How do Seniors who are Veterans file a claim for Service-Connected Disability with the VA?

LTC W. Larry Dandridge shares resources for Service-Connected Disability Claims for Veterans

By LTC (US ARMY AVIATION Retired) W. Larry Dandridge

 Veterans of all ages should ask a Veterans Service Officer (VSO) or a VA-accredited Attorney or Claims Agent to explain their veteran benefits and how to claim those benefits. The VA trusts these professionals because they are background-checked, must pass an examination, must take continuing education courses, are certified by the VA, the State, and a Veterans Service Organization in the VA claims processes.

VSOs work on behalf of veterans, service members, and their dependents and survivors. Their services are free. Attorneys and Agents usually charge for their services. Learn more at and

Filing a claim for VA benefits can be complicated and confusing. VSOs take the confusion out of the process. Veterans can find SC County VSOs at and Georgia VSOs at

Veterans can also search for VA-accredited representatives at VA Regional Offices at

Veterans wanting to file a claim for a service-connected disability should read:

You can file a claim with the VA for service-connected disabilities online, by mail, and in person. You also have a choice of using one of the two VA claims processes:

  • The VA’s Fully Developed Disability Claim (FDC) Process or
  • The Standard Disability Claim Process.

If your claim is approved, the date of award of disability will be the date you filed the claim or the date you formally notified the VA of your Intent-to-File.

To file under the VA FDC Program, for disabilities not previously claimed and worsening conditions, follow the instructions at and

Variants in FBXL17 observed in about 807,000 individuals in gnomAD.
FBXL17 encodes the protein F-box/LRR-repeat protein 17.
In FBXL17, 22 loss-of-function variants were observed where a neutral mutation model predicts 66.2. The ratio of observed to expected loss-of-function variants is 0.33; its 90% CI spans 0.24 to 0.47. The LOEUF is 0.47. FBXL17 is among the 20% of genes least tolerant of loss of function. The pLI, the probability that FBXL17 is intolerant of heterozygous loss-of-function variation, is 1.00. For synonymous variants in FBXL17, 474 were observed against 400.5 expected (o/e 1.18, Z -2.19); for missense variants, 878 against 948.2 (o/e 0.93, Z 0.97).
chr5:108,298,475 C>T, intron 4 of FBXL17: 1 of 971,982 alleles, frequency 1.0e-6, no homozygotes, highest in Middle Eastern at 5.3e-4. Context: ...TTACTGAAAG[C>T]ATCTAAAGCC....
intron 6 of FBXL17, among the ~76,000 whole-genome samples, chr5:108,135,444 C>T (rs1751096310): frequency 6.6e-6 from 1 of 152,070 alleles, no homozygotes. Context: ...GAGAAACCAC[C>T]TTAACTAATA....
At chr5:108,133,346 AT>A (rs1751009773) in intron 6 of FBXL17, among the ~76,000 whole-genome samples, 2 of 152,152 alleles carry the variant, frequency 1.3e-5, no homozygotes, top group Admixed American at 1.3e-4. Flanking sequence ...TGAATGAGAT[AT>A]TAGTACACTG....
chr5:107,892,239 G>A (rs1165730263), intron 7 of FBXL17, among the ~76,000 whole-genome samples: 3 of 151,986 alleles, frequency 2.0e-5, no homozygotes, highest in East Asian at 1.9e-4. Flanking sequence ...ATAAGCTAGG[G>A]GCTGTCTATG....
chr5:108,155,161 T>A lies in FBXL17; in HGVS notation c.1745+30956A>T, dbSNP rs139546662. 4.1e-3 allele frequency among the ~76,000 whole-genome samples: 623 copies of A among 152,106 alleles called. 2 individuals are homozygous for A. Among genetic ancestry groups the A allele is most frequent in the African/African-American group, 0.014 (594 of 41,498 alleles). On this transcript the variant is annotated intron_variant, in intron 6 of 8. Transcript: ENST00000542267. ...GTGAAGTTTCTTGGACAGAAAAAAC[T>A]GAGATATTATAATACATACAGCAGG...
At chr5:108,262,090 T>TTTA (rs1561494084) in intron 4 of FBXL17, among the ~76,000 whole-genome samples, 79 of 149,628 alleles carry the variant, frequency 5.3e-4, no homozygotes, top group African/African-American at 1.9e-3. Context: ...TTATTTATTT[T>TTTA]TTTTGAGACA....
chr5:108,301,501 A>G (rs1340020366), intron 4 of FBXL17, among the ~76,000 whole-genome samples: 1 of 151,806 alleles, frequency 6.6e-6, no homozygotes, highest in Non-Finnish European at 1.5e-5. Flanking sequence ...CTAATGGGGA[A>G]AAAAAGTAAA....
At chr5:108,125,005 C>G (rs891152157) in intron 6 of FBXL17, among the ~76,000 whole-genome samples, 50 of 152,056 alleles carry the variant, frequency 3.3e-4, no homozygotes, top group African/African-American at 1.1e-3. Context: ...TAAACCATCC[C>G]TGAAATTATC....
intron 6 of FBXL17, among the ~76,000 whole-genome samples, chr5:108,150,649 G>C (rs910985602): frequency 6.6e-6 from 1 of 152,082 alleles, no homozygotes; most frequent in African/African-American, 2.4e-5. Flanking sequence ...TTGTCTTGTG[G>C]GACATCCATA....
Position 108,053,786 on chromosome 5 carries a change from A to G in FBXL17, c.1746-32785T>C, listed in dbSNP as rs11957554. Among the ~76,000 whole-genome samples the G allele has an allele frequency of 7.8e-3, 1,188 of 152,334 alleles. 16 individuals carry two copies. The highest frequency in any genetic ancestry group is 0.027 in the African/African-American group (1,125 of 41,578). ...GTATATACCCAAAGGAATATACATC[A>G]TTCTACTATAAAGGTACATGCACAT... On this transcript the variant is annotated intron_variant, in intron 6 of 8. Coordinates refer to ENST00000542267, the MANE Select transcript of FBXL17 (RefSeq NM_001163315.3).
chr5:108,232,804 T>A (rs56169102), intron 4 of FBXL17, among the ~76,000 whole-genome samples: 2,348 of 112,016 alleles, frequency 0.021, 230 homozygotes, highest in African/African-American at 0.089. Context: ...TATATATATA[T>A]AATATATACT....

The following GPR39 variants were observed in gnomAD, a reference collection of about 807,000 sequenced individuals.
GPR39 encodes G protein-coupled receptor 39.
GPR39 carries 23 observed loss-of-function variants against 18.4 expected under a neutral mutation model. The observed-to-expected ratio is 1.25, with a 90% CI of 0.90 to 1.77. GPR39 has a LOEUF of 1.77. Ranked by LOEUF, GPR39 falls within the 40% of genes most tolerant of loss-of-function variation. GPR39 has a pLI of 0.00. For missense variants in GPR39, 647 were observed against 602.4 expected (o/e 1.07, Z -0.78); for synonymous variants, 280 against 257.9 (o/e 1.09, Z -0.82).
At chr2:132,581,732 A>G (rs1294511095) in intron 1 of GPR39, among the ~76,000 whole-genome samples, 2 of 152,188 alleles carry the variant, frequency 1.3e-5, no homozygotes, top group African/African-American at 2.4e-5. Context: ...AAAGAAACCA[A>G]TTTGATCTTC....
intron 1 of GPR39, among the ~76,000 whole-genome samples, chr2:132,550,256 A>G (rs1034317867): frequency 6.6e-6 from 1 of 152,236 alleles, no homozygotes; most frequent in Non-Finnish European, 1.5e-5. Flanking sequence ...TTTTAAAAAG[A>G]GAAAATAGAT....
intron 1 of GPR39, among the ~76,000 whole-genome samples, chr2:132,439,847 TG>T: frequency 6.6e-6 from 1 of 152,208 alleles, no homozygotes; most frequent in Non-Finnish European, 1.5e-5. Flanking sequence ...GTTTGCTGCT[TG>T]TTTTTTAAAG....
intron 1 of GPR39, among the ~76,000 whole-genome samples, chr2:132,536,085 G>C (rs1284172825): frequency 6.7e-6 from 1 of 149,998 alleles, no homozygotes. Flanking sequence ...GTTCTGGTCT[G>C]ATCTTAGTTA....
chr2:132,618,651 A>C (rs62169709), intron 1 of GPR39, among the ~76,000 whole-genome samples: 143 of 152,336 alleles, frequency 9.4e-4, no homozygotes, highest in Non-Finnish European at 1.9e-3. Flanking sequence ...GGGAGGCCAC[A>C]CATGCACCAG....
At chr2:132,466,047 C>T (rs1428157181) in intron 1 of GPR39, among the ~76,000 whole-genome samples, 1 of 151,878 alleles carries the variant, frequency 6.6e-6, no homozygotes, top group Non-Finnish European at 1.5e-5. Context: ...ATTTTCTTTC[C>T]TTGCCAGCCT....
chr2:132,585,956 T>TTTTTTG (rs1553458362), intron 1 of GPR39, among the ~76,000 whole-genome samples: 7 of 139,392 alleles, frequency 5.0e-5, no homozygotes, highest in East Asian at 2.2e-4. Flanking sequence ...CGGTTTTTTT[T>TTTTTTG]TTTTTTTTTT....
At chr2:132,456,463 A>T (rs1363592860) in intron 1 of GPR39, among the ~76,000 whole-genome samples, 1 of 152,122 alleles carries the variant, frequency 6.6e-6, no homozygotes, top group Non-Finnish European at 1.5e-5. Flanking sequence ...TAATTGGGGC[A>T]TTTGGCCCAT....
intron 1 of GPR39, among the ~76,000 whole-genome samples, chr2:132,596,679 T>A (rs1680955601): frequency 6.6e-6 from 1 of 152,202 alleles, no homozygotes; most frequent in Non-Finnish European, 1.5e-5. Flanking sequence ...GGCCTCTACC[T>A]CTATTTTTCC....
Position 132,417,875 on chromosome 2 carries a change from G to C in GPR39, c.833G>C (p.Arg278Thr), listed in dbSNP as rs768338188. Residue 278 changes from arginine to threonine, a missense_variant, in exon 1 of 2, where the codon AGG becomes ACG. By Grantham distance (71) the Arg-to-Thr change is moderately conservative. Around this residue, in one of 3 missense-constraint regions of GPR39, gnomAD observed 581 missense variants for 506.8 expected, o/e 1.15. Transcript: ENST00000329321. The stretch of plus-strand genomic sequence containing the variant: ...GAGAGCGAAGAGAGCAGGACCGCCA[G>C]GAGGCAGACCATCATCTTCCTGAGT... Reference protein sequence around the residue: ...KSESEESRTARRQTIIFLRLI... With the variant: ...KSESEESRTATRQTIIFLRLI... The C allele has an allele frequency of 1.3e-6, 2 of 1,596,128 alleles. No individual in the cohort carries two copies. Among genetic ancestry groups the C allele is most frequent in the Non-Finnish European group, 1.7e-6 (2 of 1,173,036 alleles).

If you have or can gather all the evidence and supporting documents needed to file your claim, the FDC process is normally the preferred way to file because the VA will expedite the claims process.

Under the FDC process, you will need to turn in the information and evidence at the same time as you file your claim.  If you turn in more evidence after you send in your fully developed claim, the VA will process it as a standard claim.

The VA will give your standard claim the same attention as an FDC claim. However, the process will be slowed down while the VA waits for you to submit all of your evidence or waits until the VA can obtain those documents.

For the VA to consider your claim fully developed, you need to:
  • Submit a completed Application VA Form 21-526EZ found at https://www,
  • Submit all evidence and supporting documents along with your claim.
  • Certify there is no more evidence the VA might need.
  • Go to any VA medical exams required.

To file a claim, you will need to follow the instructions at and send the VA the following documents:

  • Your DD214 or other separation documents.
  • All private medical records related to the claimed condition, like reports and letters from your own doctor or X-rays and other test results.
  • Records of medical treatment received for the claimed condition while serving.
  • Any military personnel records (Purple Heart Award, Line of Duty Investigation, Safety Report, Performance Evaluations, Orders, etc.) you have that relate to the claimed condition, and information about any related health records that you don’t have but that the VA can request from a facility like a VA medical center.
  • You can also submit letters (lay witness statements) from family members, friends, clergy members, and those you served with that can tell the VA more about your claimed condition and how and when it happened.
  • Any supporting research that was done that supports your claim of service connection.

You have up to one year from the date the VA receives your claim to turn in evidence. If the VA decides your claim before this, you’ll have the rest of the one-year period to turn in more information to support your claim.